The victims of the Soviet NKVD police were commemorated at the Monument to the Fallen and Murdered in the East in Warsaw.
The 11th of August marks the 82nd anniversary of the beginning of the so-called “Polish Operation”, the order of Nikolai Yezhov, the head of the NKVD, to eliminate the Polish minority in Russia. It resulted in the sentencing of 139,835 people, and summary executions of over 111,091 Poles.
Jarosław Szarek, the head of Poland’s Institute of National Remembrance said that “over 100,000 Poles were killed just because they did not allow their Polish spirit to be driven out of them, they did not become communists and soviets.”
“It was enough to say a few words in Polish, a Polish prayer, and that meant the death penalty,” Mr Szarek added.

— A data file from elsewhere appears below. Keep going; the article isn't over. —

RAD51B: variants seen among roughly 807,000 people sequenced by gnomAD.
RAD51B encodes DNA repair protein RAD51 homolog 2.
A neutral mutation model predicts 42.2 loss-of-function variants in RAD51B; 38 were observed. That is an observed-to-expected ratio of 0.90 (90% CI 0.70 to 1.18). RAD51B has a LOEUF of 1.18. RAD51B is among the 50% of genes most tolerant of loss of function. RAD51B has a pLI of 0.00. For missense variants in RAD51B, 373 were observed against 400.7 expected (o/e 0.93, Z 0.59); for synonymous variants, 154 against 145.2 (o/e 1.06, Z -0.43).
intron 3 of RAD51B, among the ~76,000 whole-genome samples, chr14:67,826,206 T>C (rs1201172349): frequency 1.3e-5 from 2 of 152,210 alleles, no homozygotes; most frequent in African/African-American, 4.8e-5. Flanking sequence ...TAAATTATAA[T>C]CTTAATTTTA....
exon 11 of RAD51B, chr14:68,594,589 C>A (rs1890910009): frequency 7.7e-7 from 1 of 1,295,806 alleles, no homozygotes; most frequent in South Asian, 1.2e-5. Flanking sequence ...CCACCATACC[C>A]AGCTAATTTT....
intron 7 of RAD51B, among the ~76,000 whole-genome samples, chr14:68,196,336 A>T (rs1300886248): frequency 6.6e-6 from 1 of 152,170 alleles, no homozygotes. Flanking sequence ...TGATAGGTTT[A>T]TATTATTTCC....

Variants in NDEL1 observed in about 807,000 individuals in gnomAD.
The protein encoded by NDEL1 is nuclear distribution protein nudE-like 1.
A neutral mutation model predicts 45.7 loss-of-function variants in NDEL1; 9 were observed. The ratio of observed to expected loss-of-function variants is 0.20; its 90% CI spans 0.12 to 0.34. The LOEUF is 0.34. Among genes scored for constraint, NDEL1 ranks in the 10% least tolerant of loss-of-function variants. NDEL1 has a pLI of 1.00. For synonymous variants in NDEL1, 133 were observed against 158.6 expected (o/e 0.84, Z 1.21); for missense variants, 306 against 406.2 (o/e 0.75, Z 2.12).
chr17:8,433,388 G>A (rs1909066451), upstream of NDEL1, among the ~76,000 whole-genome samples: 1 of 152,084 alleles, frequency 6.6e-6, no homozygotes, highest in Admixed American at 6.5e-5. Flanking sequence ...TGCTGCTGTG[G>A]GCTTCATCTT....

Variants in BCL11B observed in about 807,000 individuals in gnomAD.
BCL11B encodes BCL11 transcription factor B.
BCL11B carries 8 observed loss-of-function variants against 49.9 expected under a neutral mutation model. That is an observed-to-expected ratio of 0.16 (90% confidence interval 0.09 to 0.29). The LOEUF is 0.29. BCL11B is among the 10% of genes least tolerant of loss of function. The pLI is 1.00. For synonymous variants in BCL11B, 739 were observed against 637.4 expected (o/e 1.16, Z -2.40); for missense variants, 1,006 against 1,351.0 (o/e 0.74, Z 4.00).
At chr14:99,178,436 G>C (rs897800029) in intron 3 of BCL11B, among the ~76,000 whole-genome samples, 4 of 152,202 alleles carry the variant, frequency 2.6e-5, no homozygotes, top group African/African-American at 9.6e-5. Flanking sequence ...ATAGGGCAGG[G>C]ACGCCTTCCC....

During the commemorations letters sent by President Andrzej Duda, PM Mateusz Morawiecki and the lower house Speaker were read to those gathered.
The head of the Office for War Veterans and Victims of Oppression Jan Kasprzyk underlined that the source of this massacre was the Soviet’s sense of revenge against Poland for “saving Poland and Europe from the criminal communist system” referring to the Battle of Warsaw in 1920. “The Bolsheviks remembered well that Poles have a gene of freedom within them, and would never allow to be humiliated,” he added.
Pursuant to the order of Nikolai Yezhov from 1937 to 1938 the soviet authorities sentenced to death over 111,000 people of Polish descent and sent nearly 29,000 to prison camps. Moreover, over 100,000 Poles were deported to Kazakhstan and Siberia.